VESTIBULAR-CEREBROVASCULAR INTERACTIONS IN HUMANS

Project Details

Description

DESCRIPTION (provided by applicant): Falls are a leading cause of morbidity in the elderly, resulting in 36 million hospital visits per year, at a cost in excess of $10 billion. While the cause of many falls remains unexplained, syncope and orthostatic hypotension are important factors. Since vestibular activation has been shown to have an active role in the regulation of blood pressure during orthostatic stress, and vestibular function decreases with age >60 years, we hypothesize that vestibular hypo-function in the elderly results in impaired regulation of blood pressure during orthostasis, which in turn results in cerebral hypo-perfusion and syncope. Previous evidence that vestibular activation has direct effects on cerebral blood flow suggests that vestibular inputs affect the cerebrovascular response to orthostasis. The goal of this research is to examine the role of vestibular inputs in cerebral blood flow regulation and the effect of these inputs on orthostatic tolerance. Our general hypothesis is that otolith-mediated vestibular inputs act as a feed forward mechanism causing cerebral vasodilatation, to compensate for the decrease in cerebral perfusion pressure caused by the upright posture. We propose two specific aims to address this hypothesis: 1) Determine the effect of tilts in the pitch (sagittal) and roll (lateral) planes on cerebral blood flow and cerebral auto-regulation in young and older subjects (with and without vestibular deficits). This aim will be accomplished by passively tilting subjects with eyes closed from a horizontal to 80 degree upright posture in the pitch and roll planes; and 2) Determine the effect of otolith stimulation during centrifugation on cerebral blood flow in labyrinthine defective inpatients and healthy controls. This aim will be accomplished by varying the radius of rotation of labyrinthine-defective patients and healthy gender- and age-matched controls on a short arm centrifuge. The results of these studies will provide direct evidence on the role of vestibular inputs in cerebrovascular regulation. This work may lead to new methods to diagnose those at risk for falls, as well as ways to train the vestibular system to minimize cerebral hypo-perfusion, syncope, and falls in the elderly.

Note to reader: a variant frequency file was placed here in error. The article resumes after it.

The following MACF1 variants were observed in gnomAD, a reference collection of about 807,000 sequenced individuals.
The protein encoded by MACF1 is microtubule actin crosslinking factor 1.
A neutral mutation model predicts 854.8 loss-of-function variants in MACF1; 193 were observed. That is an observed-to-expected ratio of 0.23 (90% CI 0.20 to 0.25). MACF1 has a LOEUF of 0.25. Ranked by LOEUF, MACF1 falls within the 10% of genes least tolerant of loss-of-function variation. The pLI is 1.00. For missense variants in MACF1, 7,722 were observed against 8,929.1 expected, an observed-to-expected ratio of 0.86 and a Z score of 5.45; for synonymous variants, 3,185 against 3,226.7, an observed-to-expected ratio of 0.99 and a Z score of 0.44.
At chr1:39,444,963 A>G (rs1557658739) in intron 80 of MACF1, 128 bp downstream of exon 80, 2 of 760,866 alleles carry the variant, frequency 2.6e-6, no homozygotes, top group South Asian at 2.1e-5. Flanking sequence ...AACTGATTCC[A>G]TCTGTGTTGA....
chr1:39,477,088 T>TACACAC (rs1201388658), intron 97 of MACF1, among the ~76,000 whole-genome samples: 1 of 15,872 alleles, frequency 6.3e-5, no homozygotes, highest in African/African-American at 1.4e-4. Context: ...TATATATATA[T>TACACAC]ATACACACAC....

StatusFinished
Effective start/end date5/1/034/30/06

Funding

  • National Institutes of Health: $85,000.00
  • National Institutes of Health: $85,000.00
  • National Institutes of Health: $71,136.00

ASJC

  • Medicine(all)
  • Neuroscience(all)

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